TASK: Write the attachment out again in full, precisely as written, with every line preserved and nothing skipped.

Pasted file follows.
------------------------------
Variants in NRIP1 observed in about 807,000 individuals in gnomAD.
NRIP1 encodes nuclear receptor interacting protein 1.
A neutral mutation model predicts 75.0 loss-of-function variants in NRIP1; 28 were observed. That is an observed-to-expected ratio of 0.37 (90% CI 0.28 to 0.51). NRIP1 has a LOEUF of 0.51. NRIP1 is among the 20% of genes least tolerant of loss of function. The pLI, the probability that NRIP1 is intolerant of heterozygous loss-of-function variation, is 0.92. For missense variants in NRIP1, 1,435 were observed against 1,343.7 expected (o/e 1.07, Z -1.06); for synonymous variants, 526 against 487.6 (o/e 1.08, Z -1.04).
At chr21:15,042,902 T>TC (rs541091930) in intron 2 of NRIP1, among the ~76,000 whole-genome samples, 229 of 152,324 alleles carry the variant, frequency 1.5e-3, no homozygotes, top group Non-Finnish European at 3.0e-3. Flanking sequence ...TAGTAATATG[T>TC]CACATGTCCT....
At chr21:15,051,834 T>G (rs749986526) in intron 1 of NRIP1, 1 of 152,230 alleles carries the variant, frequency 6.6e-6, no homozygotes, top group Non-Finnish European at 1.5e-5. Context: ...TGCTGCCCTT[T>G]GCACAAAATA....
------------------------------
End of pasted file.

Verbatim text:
Variants in NRIP1 observed in about 807,000 individuals in gnomAD.
NRIP1 encodes nuclear receptor interacting protein 1.
A neutral mutation model predicts 75.0 loss-of-function variants in NRIP1; 28 were observed. That is an observed-to-expected ratio of 0.37 (90% CI 0.28 to 0.51). NRIP1 has a LOEUF of 0.51. NRIP1 is among the 20% of genes least tolerant of loss of function. The pLI, the probability that NRIP1 is intolerant of heterozygous loss-of-function variation, is 0.92. For missense variants in NRIP1, 1,435 were observed against 1,343.7 expected (o/e 1.07, Z -1.06); for synonymous variants, 526 against 487.6 (o/e 1.08, Z -1.04).
At chr21:15,042,902 T>TC (rs541091930) in intron 2 of NRIP1, among the ~76,000 whole-genome samples, 229 of 152,324 alleles carry the variant, frequency 1.5e-3, no homozygotes, top group Non-Finnish European at 3.0e-3. Flanking sequence ...TAGTAATATG[T>TC]CACATGTCCT....
At chr21:15,051,834 T>G (rs749986526) in intron 1 of NRIP1, 1 of 152,230 alleles carries the variant, frequency 6.6e-6, no homozygotes, top group Non-Finnish European at 1.5e-5. Context: ...TGCTGCCCTT[T>G]GCACAAAATA....